Paula Bennett: On 754 ("My Life had stood--a Loaded Gun--")

No poem written by a woman poet more perfectly captures the nature, the difficulties, and the risks involved in this task of self-redefinition and self-empowerment than the poem that stands at the center of this book, Emily Dickinson's brilliant and enigmatic "My Life had stood--a Loaded Gun":

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Composed during the period when Dickinson had reached the height of her poetic prowess, "My Life had stood" represents the poet's most extreme attempt to characterize the Vesuvian nature of the power or art which she believed was hers. Speaking through the voice of a gun, Dickinson presents herself in this poem as everything "woman" is not: cruel not pleasant, hard not soft, emphatic not weak, one who kills not one who nurtures. just as significant, she is proud of it, so proud that the temptation is to echo Robert Lowell's notorious description of Sylvia Plath, and say that in "My Life had stood," Emily Dickinson is "hardly a person at all, or a woman, certainly not another 'poetess.’"

Like the persona in Plath's Ariel poems, in "My Life had stood," Dickinson's speaker has deliberately shed the self-protective layers of conventional femininity, symbolized in the poem by the doe and the deep pillow of the "masochistic" eider duck. In the process the poet uncovers the true self within, in all its hardness and rage, in its desire for revenge and aggressive, even masculine, sexuality (for this is, after all, one interpretation of the gun in the poem). The picture of Dickinson that emerges, like the picture of Plath that emerges from the "big strip tease" of "Lady Lazarus" (CP245) and other Ariel poems, is not an attractive one. But, again like Plath, Dickinson is prepared to embrace it nevertheless--together with all other aspects of her unacceptable self. Indeed, embracing the true or unacceptable self appears to be the poem's raison d'etre, just as it is the raison d'etre of Plath's last poems.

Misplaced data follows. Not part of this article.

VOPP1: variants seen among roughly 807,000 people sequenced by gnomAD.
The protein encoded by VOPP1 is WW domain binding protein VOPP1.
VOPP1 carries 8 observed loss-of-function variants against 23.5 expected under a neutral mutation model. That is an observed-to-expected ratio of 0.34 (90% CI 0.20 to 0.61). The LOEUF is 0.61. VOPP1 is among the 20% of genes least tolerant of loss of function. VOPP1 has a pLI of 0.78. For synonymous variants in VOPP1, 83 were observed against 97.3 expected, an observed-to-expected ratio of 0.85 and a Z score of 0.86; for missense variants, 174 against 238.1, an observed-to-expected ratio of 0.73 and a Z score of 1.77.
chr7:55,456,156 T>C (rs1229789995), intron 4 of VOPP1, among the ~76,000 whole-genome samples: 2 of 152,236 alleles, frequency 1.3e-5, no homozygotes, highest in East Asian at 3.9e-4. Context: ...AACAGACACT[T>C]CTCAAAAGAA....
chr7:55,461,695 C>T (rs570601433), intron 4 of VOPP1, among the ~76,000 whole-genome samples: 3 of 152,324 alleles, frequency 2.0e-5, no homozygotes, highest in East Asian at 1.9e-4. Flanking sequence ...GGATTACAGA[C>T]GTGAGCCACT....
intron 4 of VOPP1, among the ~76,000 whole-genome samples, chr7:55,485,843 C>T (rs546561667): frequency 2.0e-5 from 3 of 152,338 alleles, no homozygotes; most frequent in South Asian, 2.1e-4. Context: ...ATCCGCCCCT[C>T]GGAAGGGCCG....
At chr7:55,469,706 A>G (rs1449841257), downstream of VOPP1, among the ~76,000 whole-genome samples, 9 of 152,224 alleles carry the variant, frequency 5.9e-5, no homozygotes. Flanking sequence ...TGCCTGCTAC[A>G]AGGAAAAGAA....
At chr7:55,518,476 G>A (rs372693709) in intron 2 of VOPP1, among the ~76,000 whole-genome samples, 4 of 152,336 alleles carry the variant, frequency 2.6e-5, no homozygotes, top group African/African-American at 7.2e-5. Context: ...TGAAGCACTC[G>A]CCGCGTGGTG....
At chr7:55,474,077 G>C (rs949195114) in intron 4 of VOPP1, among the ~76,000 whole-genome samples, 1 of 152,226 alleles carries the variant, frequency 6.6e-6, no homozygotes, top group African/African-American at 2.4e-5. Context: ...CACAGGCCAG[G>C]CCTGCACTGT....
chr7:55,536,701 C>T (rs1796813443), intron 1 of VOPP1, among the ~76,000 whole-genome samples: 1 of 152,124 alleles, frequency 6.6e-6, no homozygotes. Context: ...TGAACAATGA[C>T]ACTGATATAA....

In writing "My Life had stood," Dickinson clearly transgresses limits no woman, indeed no human being, could lightly afford to break. And to judge by the poem's final riddling stanza, a conundrum that critics have yet to solve satisfactorily, she knew this better than anyone. As Adrienne Rich has observed, Dickinson's underlying ambivalence toward the powers her speaker claims to exercise through her art (the powers to "hunt," "speak, " "smile," "guard," and "kill") appears to be extreme. Of this ambivalence and its effect on women poets, Rich has written most poignantly, perhaps, because of her own position as poet. For Rich there is no easy way to resolve the conflict entangling Dickinson in the poem. "If there is a female consciousness in this poem," she writes,

it is buried deeper than the images: it exists in the ambivalence toward power, which is extreme. Active willing and creation in women are forms of aggression, and aggression is both "the power to kill" and punishable by death. The union of gun with hunter embodies the danger of identifying and taking hold of her forces, not least that in so doing she risks defining herself--and being defined--as aggressive, as unwomanly ("and now We hunt the Doe"), and as potentially lethal.